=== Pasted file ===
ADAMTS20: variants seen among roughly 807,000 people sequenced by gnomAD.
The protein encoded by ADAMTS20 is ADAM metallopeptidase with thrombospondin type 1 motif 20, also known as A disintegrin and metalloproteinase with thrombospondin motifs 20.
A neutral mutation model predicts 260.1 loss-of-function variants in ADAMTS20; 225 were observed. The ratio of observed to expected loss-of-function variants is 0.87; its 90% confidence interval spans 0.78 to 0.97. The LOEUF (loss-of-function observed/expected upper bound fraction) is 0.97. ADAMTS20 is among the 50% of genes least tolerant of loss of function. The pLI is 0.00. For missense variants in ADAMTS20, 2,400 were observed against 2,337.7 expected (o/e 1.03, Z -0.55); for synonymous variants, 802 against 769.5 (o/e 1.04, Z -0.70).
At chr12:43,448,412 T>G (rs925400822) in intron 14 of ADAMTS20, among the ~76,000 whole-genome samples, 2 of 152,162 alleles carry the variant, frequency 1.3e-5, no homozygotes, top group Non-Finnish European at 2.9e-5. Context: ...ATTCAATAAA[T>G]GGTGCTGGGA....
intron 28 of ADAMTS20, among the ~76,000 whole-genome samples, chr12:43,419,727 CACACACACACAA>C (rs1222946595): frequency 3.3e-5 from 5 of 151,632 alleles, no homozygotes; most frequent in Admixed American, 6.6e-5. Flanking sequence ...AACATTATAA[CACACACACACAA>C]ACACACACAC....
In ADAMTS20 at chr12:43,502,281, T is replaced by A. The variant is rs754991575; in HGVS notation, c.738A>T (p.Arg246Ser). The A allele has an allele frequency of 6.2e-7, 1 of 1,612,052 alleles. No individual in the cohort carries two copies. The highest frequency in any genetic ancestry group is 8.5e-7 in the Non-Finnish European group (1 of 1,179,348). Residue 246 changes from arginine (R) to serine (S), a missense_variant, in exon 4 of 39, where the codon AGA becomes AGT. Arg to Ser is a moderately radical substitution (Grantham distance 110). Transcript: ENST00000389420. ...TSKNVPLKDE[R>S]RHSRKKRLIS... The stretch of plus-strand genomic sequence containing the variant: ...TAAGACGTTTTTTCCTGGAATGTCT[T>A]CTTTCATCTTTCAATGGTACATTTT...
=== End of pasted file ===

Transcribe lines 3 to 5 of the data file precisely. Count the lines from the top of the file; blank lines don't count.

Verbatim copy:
A neutral mutation model predicts 260.1 loss-of-function variants in ADAMTS20; 225 were observed. The ratio of observed to expected loss-of-function variants is 0.87; its 90% confidence interval spans 0.78 to 0.97. The LOEUF (loss-of-function observed/expected upper bound fraction) is 0.97. ADAMTS20 is among the 50% of genes least tolerant of loss of function. The pLI is 0.00. For missense variants in ADAMTS20, 2,400 were observed against 2,337.7 expected (o/e 1.03, Z -0.55); for synonymous variants, 802 against 769.5 (o/e 1.04, Z -0.70).
At chr12:43,448,412 T>G (rs925400822) in intron 14 of ADAMTS20, among the ~76,000 whole-genome samples, 2 of 152,162 alleles carry the variant, frequency 1.3e-5, no homozygotes, top group Non-Finnish European at 2.9e-5. Context: ...ATTCAATAAA[T>G]GGTGCTGGGA....
intron 28 of ADAMTS20, among the ~76,000 whole-genome samples, chr12:43,419,727 CACACACACACAA>C (rs1222946595): frequency 3.3e-5 from 5 of 151,632 alleles, no homozygotes; most frequent in Admixed American, 6.6e-5. Flanking sequence ...AACATTATAA[CACACACACACAA>C]ACACACACAC....